First the bankers abolish the gold standard, to allow them to rapidly accelerate the speed at which they steal from us through currency-dilution. This, in turn, requires them to (illegally) manipulate the gold and silver markets -- in order to hide the
of these metals from being expressed in the bankers' diluted paper. The government then makes it a "crime" for its own citizens to make a profit on
their own money
. In the bankers' scam of money-dilution, only the bankers are allowed to profit on their crimes.
It was at this point in history that the bankers were able to largely forget about manipulating the silver market (for many years), and to focus their energies on gold-manipulation -- because basic market fundamentals created conditions that depressed the price of silver, with only minimal "assistance" from the bankers (and their servants in government).
Clearly the price of silver has been driven in recent decades mostly by its industrial demand. And it is this industrial demand which (with a little help from the bankers) kept the price of silver well below its true value for more than thirty years (until early in this decade).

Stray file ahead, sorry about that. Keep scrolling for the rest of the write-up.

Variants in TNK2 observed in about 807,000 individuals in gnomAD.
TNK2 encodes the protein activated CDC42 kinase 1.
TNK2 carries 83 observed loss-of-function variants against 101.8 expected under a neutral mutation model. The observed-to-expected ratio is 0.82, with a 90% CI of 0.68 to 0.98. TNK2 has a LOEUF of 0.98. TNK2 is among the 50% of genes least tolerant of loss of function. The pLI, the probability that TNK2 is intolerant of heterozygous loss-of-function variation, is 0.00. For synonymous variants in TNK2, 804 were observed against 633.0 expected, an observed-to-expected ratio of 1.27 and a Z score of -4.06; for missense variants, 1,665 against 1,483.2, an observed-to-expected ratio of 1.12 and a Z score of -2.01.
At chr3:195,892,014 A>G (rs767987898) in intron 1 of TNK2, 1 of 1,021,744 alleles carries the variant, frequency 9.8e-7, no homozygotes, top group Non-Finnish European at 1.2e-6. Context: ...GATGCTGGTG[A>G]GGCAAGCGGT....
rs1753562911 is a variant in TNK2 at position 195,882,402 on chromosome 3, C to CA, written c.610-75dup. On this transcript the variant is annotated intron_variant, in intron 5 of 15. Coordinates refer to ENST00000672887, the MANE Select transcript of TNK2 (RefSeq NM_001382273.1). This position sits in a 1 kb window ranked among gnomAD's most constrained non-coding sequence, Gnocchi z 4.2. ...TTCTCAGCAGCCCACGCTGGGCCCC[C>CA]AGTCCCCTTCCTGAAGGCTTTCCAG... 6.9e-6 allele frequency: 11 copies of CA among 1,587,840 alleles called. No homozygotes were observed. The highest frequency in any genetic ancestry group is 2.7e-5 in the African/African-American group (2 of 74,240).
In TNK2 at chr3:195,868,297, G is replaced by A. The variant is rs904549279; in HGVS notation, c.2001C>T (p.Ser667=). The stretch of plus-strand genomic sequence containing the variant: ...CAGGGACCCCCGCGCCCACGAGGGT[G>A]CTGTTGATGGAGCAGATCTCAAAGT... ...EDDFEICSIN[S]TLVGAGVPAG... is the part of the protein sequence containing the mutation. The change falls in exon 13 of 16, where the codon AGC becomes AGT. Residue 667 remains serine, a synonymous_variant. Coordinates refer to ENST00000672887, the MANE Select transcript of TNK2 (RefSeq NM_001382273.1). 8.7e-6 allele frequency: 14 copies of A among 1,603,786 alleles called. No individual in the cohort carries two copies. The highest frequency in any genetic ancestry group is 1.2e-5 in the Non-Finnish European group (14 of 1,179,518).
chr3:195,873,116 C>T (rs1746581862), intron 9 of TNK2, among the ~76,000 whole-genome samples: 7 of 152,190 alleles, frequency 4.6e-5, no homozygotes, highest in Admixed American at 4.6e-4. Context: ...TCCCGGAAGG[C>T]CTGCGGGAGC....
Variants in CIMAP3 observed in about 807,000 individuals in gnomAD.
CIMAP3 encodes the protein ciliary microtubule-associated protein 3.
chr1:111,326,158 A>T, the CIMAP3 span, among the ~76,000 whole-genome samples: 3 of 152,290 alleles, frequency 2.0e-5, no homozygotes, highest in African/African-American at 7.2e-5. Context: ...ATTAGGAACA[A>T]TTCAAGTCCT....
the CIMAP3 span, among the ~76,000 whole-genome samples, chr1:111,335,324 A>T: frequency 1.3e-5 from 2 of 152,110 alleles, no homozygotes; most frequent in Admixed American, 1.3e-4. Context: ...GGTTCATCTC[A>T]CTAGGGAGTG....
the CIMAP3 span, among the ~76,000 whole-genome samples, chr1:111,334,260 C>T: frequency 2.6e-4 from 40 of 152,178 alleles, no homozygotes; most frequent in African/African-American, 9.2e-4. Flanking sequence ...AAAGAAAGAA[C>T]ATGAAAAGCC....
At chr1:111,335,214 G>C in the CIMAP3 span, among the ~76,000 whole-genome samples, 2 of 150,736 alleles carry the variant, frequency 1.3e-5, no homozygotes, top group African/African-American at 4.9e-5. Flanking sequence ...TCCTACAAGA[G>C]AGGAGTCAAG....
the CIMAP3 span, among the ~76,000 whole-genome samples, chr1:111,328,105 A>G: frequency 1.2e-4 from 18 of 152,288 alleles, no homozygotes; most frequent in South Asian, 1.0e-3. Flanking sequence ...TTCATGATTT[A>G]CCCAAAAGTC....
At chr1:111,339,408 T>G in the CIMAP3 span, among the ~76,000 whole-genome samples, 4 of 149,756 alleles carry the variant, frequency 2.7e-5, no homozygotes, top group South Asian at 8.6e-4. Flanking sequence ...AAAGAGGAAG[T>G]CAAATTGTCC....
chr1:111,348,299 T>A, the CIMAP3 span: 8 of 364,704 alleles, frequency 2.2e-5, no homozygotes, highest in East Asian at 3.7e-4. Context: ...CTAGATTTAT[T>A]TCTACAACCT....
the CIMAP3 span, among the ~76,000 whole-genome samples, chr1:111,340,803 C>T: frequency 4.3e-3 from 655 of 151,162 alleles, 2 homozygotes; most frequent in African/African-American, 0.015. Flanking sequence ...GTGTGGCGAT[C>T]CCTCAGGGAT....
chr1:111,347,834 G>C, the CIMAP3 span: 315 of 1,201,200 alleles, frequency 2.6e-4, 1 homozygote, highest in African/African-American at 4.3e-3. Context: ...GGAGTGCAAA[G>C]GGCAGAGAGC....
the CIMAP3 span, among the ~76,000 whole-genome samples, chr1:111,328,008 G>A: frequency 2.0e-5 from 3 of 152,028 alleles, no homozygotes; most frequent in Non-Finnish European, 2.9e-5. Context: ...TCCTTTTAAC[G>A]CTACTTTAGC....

This leads us to a fundamental "truth" in the precious metals sector: investment demand (i.e. "speculative" demand) does
stimulate mine production (except in a very belated manner -- only
inventories have been exhausted), while industrial demand
stimulate higher levels of mine production, because the bankers will finance new mine-production based upon that level of industrial use. As an aside, it was because gold is not used to a great degree "industrially" that the bankers had to
"persuade" the world's largest gold miners
to enter into vast "hedging agreements" -- which simulated the same market conditions for gold: maximizing production at the lowest, possible price.
In a true "equilibrium", this industrial production and demand would not cause silver to trade at a price well below its fair-market (equilibrium) value. However, the bankers ensured that the silver market could never reach such an equilibrium by continuing to dump their waning stockpiles of silver onto the market.
As I have pointed out on many occasions, between 1990 and 2005, official silver inventories plummeted by approximately 90%. It is simple economics that any good which is grossly under-priced will be grossly over-consumed. Faced with the abrupt end to their silver-manipulation (which would make it much more difficult to continue to manipulate the gold market), the bankers fell back upon their oldest and most-favorite swindle: they sold
to people, and
that the paper represented actual silver -- and thus